The Victorian Charter of Human R

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					Race Relations and Human Rights – The
Victorian Experience

NZ Diversity Forum 2009
Te Papa National Museum of NZ

24th August 2009
The Victorian Charter of
Human Rights
Rights protected by the charter
FREEDOM                                                       RESPECT
s-11 Freedom from forced work                                 s-9 Right to life
s-12 Freedom of movement                                      s-17 Protection of families and
s-14 Freedom of thought, conscience, religion and belief      children
s-15 Freedom of expression                                    s-19 Cultural rights, including
s-16 Right to peaceful assembly and freedom of association    recognition of the distinct cultural
s-20 Property rights                                          rights of the Aboriginal people of
s-21 Right to liberty and security of person
s-24 Fair hearing                                            EQUALITY
s-25 Rights in criminal proceedings
                                                             s-8 Recognition and equality
s-26 Right not to be tried and punished more than once       before the law
s-27 Protection from retrospective criminal laws             s-18 Entitlement to participate
DIGNITY                                                      in public life (including voting)

s-10 Protection from torture and cruel, inhuman or degrading treatment
s-13 Protection of privacy and reputation
s-22 Humane treatment when deprived of liberty
s-23 Appropriate treatment of children in the criminal process
The Commission’s Charter
Recognition of Aboriginal

    Human rights have a special importance for the
     Aboriginal people of Victoria, as descendants of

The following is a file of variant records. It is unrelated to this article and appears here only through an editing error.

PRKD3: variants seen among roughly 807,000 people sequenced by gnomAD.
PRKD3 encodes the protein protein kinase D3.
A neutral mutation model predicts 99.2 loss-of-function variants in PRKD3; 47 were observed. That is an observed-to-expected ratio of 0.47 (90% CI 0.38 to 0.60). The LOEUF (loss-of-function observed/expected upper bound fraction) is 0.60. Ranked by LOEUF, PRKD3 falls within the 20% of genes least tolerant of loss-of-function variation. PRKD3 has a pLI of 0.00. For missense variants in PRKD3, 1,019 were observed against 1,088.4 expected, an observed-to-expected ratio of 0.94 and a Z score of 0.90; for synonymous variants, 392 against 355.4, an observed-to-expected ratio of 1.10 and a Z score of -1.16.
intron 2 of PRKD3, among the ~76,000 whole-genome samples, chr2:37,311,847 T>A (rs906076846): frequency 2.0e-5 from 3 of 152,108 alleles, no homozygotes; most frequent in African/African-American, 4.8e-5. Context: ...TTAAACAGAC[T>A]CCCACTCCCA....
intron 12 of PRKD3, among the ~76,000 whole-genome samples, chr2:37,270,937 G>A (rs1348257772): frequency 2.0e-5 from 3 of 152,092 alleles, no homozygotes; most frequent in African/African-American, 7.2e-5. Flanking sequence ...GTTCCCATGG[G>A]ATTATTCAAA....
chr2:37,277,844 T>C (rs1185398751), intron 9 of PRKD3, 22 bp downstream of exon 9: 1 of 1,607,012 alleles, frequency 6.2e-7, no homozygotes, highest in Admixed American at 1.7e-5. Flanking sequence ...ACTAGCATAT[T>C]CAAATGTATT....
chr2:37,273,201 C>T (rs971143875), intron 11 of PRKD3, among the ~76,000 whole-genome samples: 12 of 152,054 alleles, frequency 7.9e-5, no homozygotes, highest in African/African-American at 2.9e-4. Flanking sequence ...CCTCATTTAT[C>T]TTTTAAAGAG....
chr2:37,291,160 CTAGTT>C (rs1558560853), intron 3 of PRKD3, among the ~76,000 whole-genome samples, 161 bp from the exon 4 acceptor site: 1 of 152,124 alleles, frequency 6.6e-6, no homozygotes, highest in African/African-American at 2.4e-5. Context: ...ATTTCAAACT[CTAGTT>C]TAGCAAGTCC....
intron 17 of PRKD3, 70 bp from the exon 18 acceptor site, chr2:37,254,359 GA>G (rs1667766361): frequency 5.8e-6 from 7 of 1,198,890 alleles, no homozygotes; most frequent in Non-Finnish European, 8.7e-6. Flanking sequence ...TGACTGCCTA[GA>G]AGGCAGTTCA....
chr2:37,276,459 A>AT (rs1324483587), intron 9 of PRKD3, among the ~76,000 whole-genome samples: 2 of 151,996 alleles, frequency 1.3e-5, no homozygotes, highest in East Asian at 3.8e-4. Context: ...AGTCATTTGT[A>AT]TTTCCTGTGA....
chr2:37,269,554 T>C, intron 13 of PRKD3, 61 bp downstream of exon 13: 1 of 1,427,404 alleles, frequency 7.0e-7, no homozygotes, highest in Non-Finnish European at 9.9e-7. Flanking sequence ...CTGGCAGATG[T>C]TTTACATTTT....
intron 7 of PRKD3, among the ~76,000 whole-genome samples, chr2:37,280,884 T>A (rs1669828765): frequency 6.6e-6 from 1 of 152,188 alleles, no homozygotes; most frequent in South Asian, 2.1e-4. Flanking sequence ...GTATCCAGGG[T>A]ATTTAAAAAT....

Australia’s first people, with their diverse spiritual,
      social, cultural and economic relationship with
             their traditional lands and waters.

•   Charter of Human Rights and Responsibilities Act 2006 (Vic) - Preamble.
Recognition of Aboriginal

Aboriginal persons hold distinct cultural rights and must not
  be denied the right, with other members of their
  community –
      •    To enjoy their identify and culture; and
      •    To maintain and use their language; and
      •    To maintain their kinship ties; and
      •    To maintain their distinctive spiritual, material and economic
           relationship with the land and waters and other resources with
           which they have a connection under traditional laws and customs.

•   Charter of Human Rights and Responsibilities Act 2006 (Vic) section 19 (2)
Muriel Bamblett

From our perspective as Aboriginal peoples we
  tend to see everything from the framework of our
  stories and our relationships.
And it is not just our stories concerning the creator
  spirits but our stories of resistance which define
  our world along with our relationships to family,
  kith and kin, and the land.
So the human rights story is not a dry story of law
  books and diplomatic memos and resolutions – it
  comes from a lived experience of what happens
  when individuals and minority groups’ rights are
Muriel Bamblett

There are dire consequences when the state and
  the whims of the majority are seen as absolutes.
And central to that story is the realization of the
  notion of self-determination for all people and all
So the story of human rights is basically about
  creating a platform for how we relate to each
  other as individuals and as peoples.[1]

  [1] Bamblett, M. The Right’s Approach to Closing the Gap: How
  Human Rights is Good for Aboriginal Health and Wellbeing.
International Students
International Student Task
Force Report
Martin Luther King Jnr

It may be true that the law
  cannot make a man love me,
  but it can stop him from
  lynching me, and I think that's
  pretty important.

 Victorian Equal Opportunity & Human Rights
             Commission (VEOHRC)
        3/380 Lonsdale Street, Melbourne
• Enquiries      9281 7100
• Toll Free 1800 134 142
• TTY            9281 7110
• Web-site:  

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